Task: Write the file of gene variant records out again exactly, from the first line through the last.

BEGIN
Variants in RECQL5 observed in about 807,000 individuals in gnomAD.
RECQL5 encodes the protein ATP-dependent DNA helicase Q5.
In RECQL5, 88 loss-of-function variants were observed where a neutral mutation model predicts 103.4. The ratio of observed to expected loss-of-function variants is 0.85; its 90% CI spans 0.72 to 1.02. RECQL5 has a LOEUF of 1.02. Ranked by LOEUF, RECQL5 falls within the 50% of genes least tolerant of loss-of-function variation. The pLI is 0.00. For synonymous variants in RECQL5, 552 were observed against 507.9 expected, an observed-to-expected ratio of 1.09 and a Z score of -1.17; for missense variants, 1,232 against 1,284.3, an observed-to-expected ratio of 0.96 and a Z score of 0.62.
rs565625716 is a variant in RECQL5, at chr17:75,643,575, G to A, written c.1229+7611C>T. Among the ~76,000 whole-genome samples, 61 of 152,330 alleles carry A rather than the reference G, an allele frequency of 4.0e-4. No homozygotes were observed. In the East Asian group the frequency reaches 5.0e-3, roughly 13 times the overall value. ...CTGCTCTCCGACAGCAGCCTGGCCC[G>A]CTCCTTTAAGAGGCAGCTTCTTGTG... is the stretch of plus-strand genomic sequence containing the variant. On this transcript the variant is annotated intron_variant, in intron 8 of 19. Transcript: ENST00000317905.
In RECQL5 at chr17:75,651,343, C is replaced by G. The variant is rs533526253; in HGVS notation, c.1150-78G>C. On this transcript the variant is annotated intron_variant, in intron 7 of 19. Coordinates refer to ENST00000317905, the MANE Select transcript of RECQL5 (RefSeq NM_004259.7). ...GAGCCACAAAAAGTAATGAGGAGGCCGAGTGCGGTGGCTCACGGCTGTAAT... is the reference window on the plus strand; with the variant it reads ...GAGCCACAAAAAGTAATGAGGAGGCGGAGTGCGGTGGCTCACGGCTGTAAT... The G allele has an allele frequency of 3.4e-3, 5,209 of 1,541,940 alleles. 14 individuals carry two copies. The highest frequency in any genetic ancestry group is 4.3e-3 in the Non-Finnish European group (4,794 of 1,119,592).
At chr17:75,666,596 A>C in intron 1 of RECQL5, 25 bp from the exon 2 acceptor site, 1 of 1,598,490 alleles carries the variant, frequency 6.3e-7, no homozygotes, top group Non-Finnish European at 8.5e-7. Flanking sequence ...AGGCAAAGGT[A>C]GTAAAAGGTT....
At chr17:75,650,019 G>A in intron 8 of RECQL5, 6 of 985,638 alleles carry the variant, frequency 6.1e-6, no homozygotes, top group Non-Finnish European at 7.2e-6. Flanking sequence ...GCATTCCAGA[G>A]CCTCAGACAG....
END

Variants in RECQL5 observed in about 807,000 individuals in gnomAD.
RECQL5 encodes the protein ATP-dependent DNA helicase Q5.
In RECQL5, 88 loss-of-function variants were observed where a neutral mutation model predicts 103.4. The ratio of observed to expected loss-of-function variants is 0.85; its 90% CI spans 0.72 to 1.02. RECQL5 has a LOEUF of 1.02. Ranked by LOEUF, RECQL5 falls within the 50% of genes least tolerant of loss-of-function variation. The pLI is 0.00. For synonymous variants in RECQL5, 552 were observed against 507.9 expected, an observed-to-expected ratio of 1.09 and a Z score of -1.17; for missense variants, 1,232 against 1,284.3, an observed-to-expected ratio of 0.96 and a Z score of 0.62.
rs565625716 is a variant in RECQL5, at chr17:75,643,575, G to A, written c.1229+7611C>T. Among the ~76,000 whole-genome samples, 61 of 152,330 alleles carry A rather than the reference G, an allele frequency of 4.0e-4. No homozygotes were observed. In the East Asian group the frequency reaches 5.0e-3, roughly 13 times the overall value. ...CTGCTCTCCGACAGCAGCCTGGCCC[G>A]CTCCTTTAAGAGGCAGCTTCTTGTG... is the stretch of plus-strand genomic sequence containing the variant. On this transcript the variant is annotated intron_variant, in intron 8 of 19. Transcript: ENST00000317905.
In RECQL5 at chr17:75,651,343, C is replaced by G. The variant is rs533526253; in HGVS notation, c.1150-78G>C. On this transcript the variant is annotated intron_variant, in intron 7 of 19. Coordinates refer to ENST00000317905, the MANE Select transcript of RECQL5 (RefSeq NM_004259.7). ...GAGCCACAAAAAGTAATGAGGAGGCCGAGTGCGGTGGCTCACGGCTGTAAT... is the reference window on the plus strand; with the variant it reads ...GAGCCACAAAAAGTAATGAGGAGGCGGAGTGCGGTGGCTCACGGCTGTAAT... The G allele has an allele frequency of 3.4e-3, 5,209 of 1,541,940 alleles. 14 individuals carry two copies. The highest frequency in any genetic ancestry group is 4.3e-3 in the Non-Finnish European group (4,794 of 1,119,592).
At chr17:75,666,596 A>C in intron 1 of RECQL5, 25 bp from the exon 2 acceptor site, 1 of 1,598,490 alleles carries the variant, frequency 6.3e-7, no homozygotes, top group Non-Finnish European at 8.5e-7. Flanking sequence ...AGGCAAAGGT[A>C]GTAAAAGGTT....
At chr17:75,650,019 G>A in intron 8 of RECQL5, 6 of 985,638 alleles carry the variant, frequency 6.1e-6, no homozygotes, top group Non-Finnish European at 7.2e-6. Flanking sequence ...GCATTCCAGA[G>A]CCTCAGACAG....